The Dalian Wanda Group announced its eye-popping $1 billion deal to buy Dick Clark Prods. back on Nov. 4. But the transaction is taking longer than expected to close, stirring chatter in the media finance community as political conditions on both sides of the Pacific appear to pose hurdles for Chinese investment in Hollywood.
Sources close to the situation still expect Wanda to close the acquisition sometime in February, and say that the only speed bump has been that some details are still being worked out. With the Chinese New Year holiday beginning on Saturday, work is expected to be halted for at least the next week.
One person said that work on the deal also came to a standstill a few weeks ago, amid concerns that the nationalistic focus of the new Trump administration might mean greater scrutiny to big investments in the U.S. by Wanda, Alibaba and the new breed of Sino mega conglomerates. The Dick Clark Prods. transaction was only the most recent mega-acquisition for Wanda, which also bought Legendary Entertainment for $3.5 billion last year and AMC Theaters for $2.6 billion in 2012. Wanda’s buying spree has caught the attention of members of both parties in Congress, who worry that they could mark a strategic extension of Chinese “soft power.”
Chinese overseas investment jumped by 50% in 2016, according to an estimate compiled by the American Enterprise Institute. The U.S. was by far the largest recipient with a record-setting $50 billion of Chinese investment.
However, China has been taking steps to curtail overseas investment. AEI projects that the number of Chinese deals will decline in 2017. China’s efforts to stem capital flight could pose a complicating factor as Wanda seeks to close the Dick Clark Productions deal. In December, Chinese metals company Xinke abruptly and mysteriously dropped its deal to buy a majority stake in Voltage Pictures for $345 million, opting to buy a Hong Kong entertainment company instead. Voltage is now suing to recover a $4 million deposit.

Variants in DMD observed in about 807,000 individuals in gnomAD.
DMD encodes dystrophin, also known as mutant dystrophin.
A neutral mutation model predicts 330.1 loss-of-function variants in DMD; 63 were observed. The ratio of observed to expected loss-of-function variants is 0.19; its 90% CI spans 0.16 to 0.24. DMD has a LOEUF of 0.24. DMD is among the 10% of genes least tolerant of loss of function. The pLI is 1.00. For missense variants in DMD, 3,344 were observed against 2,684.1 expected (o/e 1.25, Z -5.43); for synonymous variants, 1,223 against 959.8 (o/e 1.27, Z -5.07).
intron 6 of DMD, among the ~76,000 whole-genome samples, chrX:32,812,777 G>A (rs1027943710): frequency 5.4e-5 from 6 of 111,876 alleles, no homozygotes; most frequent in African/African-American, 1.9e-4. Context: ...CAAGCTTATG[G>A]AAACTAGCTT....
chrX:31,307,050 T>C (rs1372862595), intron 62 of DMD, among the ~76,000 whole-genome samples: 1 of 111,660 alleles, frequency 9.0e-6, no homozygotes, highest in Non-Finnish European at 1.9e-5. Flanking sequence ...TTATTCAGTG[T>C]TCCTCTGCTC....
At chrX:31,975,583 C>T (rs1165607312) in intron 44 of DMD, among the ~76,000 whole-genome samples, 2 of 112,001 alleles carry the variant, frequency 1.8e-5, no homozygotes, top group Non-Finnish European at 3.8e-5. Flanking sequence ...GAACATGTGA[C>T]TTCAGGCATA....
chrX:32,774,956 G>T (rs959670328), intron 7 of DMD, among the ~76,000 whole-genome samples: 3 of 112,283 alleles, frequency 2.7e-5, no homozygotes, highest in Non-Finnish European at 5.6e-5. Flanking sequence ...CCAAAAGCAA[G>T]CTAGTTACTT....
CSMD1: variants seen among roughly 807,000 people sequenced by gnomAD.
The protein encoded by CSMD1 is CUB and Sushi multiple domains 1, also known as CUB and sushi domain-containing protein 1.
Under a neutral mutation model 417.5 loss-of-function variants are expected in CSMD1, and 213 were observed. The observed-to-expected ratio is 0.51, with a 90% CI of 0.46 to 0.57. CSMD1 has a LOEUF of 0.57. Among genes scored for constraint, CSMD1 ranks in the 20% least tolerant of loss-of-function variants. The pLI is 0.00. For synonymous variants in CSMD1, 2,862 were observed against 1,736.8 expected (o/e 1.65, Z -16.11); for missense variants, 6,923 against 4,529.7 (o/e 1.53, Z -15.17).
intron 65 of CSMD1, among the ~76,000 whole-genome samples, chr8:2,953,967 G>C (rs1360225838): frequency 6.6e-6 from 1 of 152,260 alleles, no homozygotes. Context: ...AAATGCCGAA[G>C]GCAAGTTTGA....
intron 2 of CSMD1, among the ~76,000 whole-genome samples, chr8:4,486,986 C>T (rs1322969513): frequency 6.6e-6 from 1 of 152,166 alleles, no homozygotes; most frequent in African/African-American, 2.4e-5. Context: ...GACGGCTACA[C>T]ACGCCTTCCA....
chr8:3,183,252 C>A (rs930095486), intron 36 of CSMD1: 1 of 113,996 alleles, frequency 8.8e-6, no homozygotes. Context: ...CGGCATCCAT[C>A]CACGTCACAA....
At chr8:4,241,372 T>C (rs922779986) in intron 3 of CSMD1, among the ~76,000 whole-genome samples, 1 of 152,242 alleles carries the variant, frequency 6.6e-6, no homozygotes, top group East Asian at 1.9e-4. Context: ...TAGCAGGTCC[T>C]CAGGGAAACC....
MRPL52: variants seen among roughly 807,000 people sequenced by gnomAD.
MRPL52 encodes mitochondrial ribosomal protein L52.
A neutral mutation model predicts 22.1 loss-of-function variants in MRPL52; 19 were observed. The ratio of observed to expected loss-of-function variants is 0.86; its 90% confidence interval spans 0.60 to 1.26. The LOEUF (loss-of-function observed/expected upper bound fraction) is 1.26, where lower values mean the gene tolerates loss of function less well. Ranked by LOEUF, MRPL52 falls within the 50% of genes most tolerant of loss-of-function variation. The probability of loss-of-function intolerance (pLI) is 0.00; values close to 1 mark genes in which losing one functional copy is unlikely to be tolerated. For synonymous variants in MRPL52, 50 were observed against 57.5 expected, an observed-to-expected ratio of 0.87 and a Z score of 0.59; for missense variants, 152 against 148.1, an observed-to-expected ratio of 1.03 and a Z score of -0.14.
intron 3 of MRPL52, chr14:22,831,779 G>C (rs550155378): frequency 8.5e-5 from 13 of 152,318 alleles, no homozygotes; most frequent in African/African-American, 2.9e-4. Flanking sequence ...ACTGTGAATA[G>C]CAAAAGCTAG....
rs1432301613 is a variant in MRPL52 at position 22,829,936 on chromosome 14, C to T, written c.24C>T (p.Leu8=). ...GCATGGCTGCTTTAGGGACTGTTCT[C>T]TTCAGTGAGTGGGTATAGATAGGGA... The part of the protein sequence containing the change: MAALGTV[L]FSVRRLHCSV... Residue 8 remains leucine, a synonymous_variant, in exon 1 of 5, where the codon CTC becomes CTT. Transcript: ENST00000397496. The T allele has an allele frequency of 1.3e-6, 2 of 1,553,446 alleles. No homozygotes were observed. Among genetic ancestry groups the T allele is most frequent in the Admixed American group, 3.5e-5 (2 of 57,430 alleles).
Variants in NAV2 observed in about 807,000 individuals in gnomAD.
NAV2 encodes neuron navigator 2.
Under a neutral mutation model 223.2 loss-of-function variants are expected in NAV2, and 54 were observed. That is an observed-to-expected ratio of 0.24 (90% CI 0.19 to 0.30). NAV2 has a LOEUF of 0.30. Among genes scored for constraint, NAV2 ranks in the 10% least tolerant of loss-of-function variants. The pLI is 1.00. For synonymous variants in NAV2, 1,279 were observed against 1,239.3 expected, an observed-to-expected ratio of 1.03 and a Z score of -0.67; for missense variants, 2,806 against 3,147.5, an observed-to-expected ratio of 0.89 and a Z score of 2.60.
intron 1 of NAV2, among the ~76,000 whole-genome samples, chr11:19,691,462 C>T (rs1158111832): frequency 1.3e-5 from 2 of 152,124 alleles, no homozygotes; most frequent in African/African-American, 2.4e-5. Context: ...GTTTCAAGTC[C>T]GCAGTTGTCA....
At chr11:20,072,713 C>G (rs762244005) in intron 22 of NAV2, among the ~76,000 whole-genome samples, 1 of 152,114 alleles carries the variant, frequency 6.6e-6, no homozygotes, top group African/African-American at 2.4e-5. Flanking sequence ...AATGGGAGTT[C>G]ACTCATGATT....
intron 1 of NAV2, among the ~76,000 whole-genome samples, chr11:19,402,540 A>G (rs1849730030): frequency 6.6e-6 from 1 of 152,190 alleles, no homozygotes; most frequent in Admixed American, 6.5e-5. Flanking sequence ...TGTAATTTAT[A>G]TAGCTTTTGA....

In Hollywood, observers are still astounded at the $1 billion price tag for DCP. Guggenheim Partners bought the company in 2012 for $370 million, and at the time many considered that price to be inflated. Dick Clark Productions in late 2015 changed hands again when investor Todd Boehly left Guggenheim, taking DCP, the Hollywood Reporter, Billboard and other assets with him to the new Eldridge Industries banner.
Dick Clark Prods.’ biggest franchises are its award shows, notable the Golden Globes, the Academy of Country Music Awards, and the American Music Awards. It’s also the home of ABC’s annual “Dick Clark’s New Year’s Rockin’ Eve” specials, which made headlines this year for problems during Mariah Carey’s live performance.
With Dick Clark Prods., sources said the company is moving forward as if the Wanda acquisition is a done deal. There’s excitement at the prospect of being part of a larger entity with ample resources at its disposal. But getting the deal to the finish line is proving more complicated in the current political climate than both sides expected.
Wanda and Eldridge Industries each declined to comment.